History of Garda
Story admin March 7, 2024

To honour the small municipality that gave its name to Italy’s largest lake, it is necessary to briefly recount its history.  Garda stretches out in the innermost part of the gulf, closed to the south by the two Rocche (fortresses) and to the north by the Sénge massif, with Mount Luppia, the last southern edge of Mount Baldo sloping into the lake with the San Vigilio peninsula.
The first evidence of human presence dates back to prehistoric times, to the end of the 2nd millennium BC. With rock carvings. There are in fact more than 250 rocks in the municipality in which more than 3,000 depictions are engraved. Rocks as smooth as boards, perfect for writing stories and legends, as the people who lived in these places between the 13th and 7th centuries B.C. did, depicting warriors and weapons with the hammering technique.
There are also numerous Roman finds, both on the Rocca and along the coast, such as at Punta San Vigilio, where in Roman times there was a small temple consecrated to Benaco, a pagan divinity, of which only a tombstone has survived to the present day and is kept at the Museo Lapidario Maffeiano in Verona.
But it is precisely to the Rocca that one must refer to understand that, originally, Garda did not touch the lake at all. Goths, Lombards, Franks and Ottonians in the Germanic Holy Roman Empire… all the rulers who followed one another along the line of history preferred to watch the waters of the lake from above, from the “warda”, the “guard”, the fortified stronghold from which to anticipate the enemy’s moves and attacks.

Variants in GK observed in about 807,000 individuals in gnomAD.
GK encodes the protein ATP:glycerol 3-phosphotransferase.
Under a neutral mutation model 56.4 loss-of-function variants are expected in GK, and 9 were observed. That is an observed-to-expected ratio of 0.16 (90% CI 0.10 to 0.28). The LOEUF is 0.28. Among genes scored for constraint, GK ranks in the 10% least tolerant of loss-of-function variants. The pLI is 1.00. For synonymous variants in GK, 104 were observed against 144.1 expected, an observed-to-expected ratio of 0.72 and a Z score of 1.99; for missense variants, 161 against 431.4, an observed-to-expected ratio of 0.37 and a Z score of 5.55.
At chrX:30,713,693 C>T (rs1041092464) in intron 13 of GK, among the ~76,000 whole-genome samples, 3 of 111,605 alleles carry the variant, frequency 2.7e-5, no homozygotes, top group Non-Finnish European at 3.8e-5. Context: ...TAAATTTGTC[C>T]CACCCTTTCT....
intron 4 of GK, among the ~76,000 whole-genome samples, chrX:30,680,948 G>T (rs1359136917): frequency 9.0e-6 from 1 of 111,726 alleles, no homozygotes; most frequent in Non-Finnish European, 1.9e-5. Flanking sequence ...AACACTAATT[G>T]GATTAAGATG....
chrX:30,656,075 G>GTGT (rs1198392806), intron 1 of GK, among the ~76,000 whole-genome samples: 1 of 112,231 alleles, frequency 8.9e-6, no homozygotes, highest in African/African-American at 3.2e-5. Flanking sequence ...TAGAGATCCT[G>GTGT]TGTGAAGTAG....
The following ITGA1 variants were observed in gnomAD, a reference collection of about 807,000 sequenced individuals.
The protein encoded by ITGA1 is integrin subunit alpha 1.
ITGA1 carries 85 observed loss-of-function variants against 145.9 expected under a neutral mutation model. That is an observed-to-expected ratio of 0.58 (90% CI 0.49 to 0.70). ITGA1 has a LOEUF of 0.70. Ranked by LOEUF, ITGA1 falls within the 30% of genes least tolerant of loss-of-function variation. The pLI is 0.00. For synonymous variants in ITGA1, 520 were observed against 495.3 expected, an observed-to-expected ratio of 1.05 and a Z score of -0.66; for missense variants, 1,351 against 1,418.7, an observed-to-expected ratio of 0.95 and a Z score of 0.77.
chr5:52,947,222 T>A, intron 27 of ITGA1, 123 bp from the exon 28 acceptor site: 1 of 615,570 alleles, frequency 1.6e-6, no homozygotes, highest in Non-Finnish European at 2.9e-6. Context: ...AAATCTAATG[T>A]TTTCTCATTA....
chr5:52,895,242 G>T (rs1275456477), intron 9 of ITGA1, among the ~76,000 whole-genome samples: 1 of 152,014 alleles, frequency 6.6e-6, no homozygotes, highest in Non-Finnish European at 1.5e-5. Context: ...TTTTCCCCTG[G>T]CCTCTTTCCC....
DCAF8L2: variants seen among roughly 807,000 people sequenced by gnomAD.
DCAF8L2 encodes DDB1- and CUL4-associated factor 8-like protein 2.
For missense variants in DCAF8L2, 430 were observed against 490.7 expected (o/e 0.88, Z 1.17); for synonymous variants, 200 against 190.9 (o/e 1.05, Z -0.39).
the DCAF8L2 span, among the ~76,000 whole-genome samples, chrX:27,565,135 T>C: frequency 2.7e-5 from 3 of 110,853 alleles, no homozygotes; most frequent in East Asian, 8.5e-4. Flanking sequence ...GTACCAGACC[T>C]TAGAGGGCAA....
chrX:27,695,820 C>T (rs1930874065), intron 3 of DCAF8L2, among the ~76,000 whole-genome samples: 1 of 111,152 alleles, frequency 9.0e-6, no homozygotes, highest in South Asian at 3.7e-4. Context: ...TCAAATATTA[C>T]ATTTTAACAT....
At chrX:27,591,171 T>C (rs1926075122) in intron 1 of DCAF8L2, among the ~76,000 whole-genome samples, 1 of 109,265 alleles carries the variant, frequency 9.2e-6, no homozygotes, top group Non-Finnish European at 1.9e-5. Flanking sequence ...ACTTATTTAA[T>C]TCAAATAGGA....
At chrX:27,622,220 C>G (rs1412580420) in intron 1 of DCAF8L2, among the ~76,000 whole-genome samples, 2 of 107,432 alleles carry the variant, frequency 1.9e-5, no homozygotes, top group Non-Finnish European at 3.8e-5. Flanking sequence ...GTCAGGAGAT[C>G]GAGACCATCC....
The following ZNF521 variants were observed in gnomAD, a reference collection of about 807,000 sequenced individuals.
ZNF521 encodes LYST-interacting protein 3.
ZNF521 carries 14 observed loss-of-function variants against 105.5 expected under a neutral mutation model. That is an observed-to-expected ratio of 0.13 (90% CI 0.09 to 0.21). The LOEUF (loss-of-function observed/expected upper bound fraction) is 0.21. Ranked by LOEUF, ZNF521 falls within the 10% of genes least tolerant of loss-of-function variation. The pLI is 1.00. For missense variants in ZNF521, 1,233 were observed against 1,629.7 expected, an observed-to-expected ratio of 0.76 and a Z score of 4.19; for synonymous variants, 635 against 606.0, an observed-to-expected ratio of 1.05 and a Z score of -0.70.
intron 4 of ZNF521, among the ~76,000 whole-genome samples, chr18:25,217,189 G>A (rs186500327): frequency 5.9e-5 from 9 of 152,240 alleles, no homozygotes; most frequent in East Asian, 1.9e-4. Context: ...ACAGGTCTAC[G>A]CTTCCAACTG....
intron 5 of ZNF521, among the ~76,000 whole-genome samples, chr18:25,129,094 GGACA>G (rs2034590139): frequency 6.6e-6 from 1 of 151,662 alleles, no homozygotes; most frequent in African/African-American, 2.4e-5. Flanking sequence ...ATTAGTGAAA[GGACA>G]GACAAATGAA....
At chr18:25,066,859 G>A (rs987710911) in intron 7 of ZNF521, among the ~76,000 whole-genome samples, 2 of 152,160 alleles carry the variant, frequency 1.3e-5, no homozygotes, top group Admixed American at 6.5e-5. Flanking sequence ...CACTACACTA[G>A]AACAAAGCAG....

In the early Middle Ages, the village at the foot of the Rocca fortress was also referred to as Garda. The word “Warda” over time became vulgarised in the language and became “Garda”. And it was precisely the village of Garda that, around the year 1000, gave its name to the lake, replacing the original naming of “Benacus” on the maps.
From Benacus, then, to Garda… This is testified to in a document written by the bishop and historian Otto of Freising, who, in the first half of the 12th century, remembers the “Pond of Garda” with a hint of resentment towards that fortress that had dared to resist even Barbarossa.
Yes, because the fortress was at the centre of continuous struggles, it resisted Frederick Barbarossa’s siege and passed from one rule to another: from the Scaligeri to the Visconti and then fell into the hands of the Venetians. The Landsknechts and the plague hit the city and weakened it further until Napoleon put an end to Venetian rule in 1797.
Garda was first annexed to the Kingdom of Italy, and then, with the defeat at Waterloo, was incorporated into the Lombard-Venetian Kingdom.
With the Third War of Independence Garda finally became Italian. Until the middle of the last century, Garda was a town with an economy based on fishing, vines and silkworm breeding.
Today, Garda is a welcoming and modern town, to be experienced and visited all year round.